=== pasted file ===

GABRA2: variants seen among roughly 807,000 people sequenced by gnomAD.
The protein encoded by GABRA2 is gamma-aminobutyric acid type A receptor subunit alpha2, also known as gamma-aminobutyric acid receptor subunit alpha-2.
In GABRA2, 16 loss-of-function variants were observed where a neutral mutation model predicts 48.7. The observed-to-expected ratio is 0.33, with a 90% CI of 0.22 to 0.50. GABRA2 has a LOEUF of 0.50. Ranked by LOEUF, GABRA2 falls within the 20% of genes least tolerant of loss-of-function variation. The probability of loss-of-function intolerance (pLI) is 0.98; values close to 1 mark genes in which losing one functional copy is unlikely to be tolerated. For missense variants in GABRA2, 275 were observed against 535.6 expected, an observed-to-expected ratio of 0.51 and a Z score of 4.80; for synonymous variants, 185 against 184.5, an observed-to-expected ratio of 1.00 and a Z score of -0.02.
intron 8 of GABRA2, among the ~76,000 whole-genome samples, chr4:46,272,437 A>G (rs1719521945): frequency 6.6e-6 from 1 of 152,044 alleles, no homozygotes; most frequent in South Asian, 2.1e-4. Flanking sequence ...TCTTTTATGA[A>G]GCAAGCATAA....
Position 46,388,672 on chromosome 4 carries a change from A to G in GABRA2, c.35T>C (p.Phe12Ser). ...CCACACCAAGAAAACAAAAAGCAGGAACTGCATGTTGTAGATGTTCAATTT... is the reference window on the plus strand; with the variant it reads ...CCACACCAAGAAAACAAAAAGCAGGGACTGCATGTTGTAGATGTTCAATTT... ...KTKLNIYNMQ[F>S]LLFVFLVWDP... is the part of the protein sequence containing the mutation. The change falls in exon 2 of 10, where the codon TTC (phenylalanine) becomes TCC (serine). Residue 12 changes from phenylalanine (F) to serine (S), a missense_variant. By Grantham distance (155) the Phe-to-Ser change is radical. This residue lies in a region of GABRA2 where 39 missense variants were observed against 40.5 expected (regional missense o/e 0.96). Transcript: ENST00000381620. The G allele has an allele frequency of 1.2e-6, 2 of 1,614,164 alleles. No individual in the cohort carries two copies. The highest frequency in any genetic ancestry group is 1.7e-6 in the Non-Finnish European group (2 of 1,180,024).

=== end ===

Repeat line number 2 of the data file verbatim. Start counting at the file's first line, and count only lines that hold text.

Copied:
The protein encoded by GABRA2 is gamma-aminobutyric acid type A receptor subunit alpha2, also known as gamma-aminobutyric acid receptor subunit alpha-2.